15 So when they had eaten breakfast, Jesus said to Simon Peter, “Simon, son of Jonah, do you love Me more than these?” He said to Him, “Yes, Lord; You know that I love You.” He said to him, “Feed My lambs.” 16 He said to him again a second time, “Simon, son of Jonah, do you love Me?” He said to Him, “Yes, Lord; You know that I love You.” He said to him, “Tend My sheep.” 17 He said to him the third time, “Simon, son of Jonah, do you love Me?” Peter was grieved because He said to him the third time, “Do you love Me?” And he said to Him, “Lord, You know all things; You know that I love You.” Jesus said to him, “Feed My sheep. – John 21: 15-17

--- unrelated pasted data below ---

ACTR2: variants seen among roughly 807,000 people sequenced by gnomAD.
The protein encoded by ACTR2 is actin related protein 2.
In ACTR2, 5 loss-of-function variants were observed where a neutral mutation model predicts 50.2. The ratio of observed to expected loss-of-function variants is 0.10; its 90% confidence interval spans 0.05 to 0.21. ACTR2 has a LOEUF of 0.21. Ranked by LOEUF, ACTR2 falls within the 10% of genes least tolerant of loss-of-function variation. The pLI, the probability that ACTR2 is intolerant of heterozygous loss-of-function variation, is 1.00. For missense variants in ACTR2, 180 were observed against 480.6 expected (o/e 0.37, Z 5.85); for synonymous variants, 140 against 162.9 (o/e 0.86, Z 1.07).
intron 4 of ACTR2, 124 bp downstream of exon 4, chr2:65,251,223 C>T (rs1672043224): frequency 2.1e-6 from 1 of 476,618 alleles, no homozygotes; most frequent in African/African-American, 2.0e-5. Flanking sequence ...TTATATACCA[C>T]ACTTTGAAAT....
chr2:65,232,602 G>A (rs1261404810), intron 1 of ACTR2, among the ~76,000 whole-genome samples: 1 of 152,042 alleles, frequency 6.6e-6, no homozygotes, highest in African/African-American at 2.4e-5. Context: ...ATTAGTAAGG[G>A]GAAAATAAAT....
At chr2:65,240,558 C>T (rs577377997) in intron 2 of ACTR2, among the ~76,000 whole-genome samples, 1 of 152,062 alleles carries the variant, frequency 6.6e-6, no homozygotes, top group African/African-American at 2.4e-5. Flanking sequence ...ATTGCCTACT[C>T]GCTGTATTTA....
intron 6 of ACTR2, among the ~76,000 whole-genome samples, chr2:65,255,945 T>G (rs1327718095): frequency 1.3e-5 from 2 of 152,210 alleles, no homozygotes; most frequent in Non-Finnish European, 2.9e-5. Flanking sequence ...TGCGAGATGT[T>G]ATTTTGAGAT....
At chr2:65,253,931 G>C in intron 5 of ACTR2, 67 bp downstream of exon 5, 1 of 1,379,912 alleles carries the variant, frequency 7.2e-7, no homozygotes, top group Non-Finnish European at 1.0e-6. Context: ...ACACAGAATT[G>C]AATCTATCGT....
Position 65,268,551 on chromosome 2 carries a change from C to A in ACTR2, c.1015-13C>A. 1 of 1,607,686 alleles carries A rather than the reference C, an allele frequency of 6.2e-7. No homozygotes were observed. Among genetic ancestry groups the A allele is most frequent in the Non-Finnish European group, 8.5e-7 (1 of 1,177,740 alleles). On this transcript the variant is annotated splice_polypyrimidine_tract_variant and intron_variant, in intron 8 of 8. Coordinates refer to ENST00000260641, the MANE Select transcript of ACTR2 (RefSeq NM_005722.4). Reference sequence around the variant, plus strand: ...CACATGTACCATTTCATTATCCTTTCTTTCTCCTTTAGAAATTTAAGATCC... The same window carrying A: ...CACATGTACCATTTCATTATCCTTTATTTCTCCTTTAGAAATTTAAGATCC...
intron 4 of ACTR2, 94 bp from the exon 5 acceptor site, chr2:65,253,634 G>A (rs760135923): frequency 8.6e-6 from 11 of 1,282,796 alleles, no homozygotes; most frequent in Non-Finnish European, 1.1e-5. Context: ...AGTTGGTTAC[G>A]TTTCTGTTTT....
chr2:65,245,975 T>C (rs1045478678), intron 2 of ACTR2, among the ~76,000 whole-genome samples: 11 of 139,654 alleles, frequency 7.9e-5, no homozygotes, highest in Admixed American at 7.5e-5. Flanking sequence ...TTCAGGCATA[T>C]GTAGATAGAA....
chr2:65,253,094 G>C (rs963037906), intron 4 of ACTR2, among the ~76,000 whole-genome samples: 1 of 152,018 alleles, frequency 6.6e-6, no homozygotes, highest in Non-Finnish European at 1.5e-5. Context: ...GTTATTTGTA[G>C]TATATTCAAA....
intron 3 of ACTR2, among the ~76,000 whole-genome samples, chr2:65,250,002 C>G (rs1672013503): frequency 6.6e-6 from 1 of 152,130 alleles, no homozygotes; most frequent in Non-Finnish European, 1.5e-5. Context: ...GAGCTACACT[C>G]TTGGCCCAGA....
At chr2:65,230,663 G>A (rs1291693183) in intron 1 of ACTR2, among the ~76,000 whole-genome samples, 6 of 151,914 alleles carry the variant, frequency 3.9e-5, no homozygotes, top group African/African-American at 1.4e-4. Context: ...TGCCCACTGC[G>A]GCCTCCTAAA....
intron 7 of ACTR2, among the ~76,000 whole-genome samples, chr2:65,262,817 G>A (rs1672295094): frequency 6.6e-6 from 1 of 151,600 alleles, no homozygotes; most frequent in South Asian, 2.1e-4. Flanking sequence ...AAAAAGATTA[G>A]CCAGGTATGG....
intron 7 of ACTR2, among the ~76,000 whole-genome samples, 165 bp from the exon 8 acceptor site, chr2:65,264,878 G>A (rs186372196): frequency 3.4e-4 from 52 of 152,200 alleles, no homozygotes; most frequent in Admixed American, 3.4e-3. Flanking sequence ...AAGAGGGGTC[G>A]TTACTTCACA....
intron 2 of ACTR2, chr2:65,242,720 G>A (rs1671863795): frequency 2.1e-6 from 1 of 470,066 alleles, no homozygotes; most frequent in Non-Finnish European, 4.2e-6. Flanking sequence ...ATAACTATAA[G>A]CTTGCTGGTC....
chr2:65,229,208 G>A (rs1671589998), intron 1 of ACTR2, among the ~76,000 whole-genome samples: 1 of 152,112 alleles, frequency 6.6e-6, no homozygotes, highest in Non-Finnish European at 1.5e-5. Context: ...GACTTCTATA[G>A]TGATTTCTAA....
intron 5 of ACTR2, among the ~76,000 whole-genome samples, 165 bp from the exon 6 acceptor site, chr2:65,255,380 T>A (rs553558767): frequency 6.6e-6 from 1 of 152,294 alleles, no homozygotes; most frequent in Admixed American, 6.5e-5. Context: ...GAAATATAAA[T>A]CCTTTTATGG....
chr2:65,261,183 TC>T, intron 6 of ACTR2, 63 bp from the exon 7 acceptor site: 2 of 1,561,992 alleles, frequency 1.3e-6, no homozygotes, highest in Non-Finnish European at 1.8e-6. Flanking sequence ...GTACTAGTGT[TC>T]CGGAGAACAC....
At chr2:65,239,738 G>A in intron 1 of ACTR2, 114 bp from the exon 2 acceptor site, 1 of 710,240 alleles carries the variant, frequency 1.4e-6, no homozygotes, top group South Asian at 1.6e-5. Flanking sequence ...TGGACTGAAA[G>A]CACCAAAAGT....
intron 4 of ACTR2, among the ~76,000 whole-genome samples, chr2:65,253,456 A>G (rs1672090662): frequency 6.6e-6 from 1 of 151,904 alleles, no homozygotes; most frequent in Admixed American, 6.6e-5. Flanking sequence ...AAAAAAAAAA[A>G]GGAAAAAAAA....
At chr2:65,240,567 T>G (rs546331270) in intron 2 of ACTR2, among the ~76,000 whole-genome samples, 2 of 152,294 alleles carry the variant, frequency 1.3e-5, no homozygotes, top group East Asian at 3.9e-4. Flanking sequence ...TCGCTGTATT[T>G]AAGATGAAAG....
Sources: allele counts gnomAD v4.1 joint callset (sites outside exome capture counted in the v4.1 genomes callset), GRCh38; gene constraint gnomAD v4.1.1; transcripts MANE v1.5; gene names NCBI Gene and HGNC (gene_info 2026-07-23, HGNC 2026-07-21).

This passage in the gospel of John is a very telling one, a very telling one because it encapsulates the Love we are capable of receiving from our Lord God who is Love. The verse is about the greatest Love story ever told. On a personal level, it is my all time favorite passage in the Bible. A quote from the movie “The Perks of being a Wallflower” is fitting to be mentioned in the context we will focus on: “We accept the love we think we deserve”. The trouble we go through is we settle for the kind of love that we think is best for us. What causes that trouble can be identified when we put “we think” on greater emphasis. There is a difference between our thinking and that which is the case. For example, by all means I can say “I want to be a pilot”. One is not restricted to say that “I want to be a pilot”, but there still the possibility that that person is going to be a doctor, simply because of his natural disposition and tendencies, as well as his personality. He may want to be a pilot, but not have recognized that his nature orients him towards being a doctor. By some means, perhaps divine, will he realize eventually. Our thinking is subject to fallibility whereas that which is the case is not, for the latter is the Truth. So, we can say that “I think I deserve this kind of love because so and so” while the truth is, there is a greater kind of love that we actually deserve. The distinction between that we think and that which is the case is important in shedding light on to the main point of this reflection.